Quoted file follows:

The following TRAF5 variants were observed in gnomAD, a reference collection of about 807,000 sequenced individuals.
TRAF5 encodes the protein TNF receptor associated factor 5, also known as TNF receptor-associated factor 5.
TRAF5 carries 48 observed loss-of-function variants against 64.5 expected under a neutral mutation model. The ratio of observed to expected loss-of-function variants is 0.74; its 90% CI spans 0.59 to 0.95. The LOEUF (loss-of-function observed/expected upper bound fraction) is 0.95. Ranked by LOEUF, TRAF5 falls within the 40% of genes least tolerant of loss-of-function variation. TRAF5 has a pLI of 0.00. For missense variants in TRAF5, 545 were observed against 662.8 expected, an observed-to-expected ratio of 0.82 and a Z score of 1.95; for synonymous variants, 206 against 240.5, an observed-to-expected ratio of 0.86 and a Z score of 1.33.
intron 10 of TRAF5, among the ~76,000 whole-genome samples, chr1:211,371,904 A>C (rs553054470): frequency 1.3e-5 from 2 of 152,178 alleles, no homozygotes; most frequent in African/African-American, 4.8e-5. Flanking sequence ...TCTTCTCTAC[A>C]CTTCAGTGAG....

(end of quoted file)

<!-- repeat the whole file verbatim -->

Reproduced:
The following TRAF5 variants were observed in gnomAD, a reference collection of about 807,000 sequenced individuals.
TRAF5 encodes the protein TNF receptor associated factor 5, also known as TNF receptor-associated factor 5.
TRAF5 carries 48 observed loss-of-function variants against 64.5 expected under a neutral mutation model. The ratio of observed to expected loss-of-function variants is 0.74; its 90% CI spans 0.59 to 0.95. The LOEUF (loss-of-function observed/expected upper bound fraction) is 0.95. Ranked by LOEUF, TRAF5 falls within the 40% of genes least tolerant of loss-of-function variation. TRAF5 has a pLI of 0.00. For missense variants in TRAF5, 545 were observed against 662.8 expected, an observed-to-expected ratio of 0.82 and a Z score of 1.95; for synonymous variants, 206 against 240.5, an observed-to-expected ratio of 0.86 and a Z score of 1.33.
intron 10 of TRAF5, among the ~76,000 whole-genome samples, chr1:211,371,904 A>C (rs553054470): frequency 1.3e-5 from 2 of 152,178 alleles, no homozygotes; most frequent in African/African-American, 4.8e-5. Flanking sequence ...TCTTCTCTAC[A>C]CTTCAGTGAG....